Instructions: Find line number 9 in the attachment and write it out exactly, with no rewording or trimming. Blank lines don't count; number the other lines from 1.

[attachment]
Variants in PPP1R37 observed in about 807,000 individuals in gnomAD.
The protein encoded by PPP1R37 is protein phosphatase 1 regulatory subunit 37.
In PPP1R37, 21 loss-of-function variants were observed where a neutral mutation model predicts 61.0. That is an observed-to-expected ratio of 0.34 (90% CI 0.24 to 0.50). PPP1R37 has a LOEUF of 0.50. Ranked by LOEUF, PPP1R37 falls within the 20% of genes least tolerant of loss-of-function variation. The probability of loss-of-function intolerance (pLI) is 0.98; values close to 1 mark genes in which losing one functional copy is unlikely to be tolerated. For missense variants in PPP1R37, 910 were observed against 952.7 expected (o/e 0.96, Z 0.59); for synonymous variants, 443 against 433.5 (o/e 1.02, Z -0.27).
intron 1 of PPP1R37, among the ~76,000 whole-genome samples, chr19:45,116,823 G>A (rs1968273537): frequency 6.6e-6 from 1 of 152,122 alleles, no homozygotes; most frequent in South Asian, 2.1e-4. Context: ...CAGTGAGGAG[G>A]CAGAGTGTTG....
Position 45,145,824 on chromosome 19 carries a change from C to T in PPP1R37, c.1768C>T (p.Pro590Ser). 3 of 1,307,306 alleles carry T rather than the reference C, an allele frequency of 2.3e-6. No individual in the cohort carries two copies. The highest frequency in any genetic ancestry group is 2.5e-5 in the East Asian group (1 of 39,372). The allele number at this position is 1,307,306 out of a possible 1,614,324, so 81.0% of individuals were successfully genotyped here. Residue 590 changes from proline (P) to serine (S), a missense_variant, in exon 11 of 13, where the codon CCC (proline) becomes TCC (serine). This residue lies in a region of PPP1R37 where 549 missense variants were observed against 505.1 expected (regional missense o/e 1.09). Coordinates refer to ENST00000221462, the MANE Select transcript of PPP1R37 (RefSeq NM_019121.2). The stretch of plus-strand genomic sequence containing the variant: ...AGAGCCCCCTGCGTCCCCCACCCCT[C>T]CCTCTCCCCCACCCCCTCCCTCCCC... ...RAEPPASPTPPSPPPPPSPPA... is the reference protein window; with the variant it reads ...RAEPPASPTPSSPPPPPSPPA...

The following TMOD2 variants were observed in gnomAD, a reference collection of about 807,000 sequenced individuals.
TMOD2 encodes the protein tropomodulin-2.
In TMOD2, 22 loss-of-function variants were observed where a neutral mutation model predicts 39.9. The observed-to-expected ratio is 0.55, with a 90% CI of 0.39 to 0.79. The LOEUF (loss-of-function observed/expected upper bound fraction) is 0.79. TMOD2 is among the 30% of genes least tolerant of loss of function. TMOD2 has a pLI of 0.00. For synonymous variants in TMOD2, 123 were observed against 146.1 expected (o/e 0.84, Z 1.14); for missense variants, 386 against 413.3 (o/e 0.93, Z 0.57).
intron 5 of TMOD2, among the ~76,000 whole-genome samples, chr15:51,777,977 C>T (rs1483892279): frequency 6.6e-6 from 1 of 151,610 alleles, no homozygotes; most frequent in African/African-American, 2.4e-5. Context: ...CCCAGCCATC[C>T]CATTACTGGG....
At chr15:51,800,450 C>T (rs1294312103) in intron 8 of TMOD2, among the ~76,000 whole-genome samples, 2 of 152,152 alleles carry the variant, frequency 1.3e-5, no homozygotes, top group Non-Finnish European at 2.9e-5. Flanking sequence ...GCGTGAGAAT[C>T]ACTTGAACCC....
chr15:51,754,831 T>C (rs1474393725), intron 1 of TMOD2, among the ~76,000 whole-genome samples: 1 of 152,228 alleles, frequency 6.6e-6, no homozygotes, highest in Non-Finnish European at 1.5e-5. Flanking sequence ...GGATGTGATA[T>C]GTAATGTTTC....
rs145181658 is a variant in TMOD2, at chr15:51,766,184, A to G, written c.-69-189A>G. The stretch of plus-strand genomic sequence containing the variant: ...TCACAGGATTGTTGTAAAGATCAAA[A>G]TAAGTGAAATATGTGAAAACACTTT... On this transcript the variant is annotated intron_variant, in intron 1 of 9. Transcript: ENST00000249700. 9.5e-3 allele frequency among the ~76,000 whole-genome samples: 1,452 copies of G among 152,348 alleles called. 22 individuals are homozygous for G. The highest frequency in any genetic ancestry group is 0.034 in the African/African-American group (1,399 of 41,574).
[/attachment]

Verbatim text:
intron 5 of TMOD2, among the ~76,000 whole-genome samples, chr15:51,777,977 C>T (rs1483892279): frequency 6.6e-6 from 1 of 151,610 alleles, no homozygotes; most frequent in African/African-American, 2.4e-5. Context: ...CCCAGCCATC[C>T]CATTACTGGG....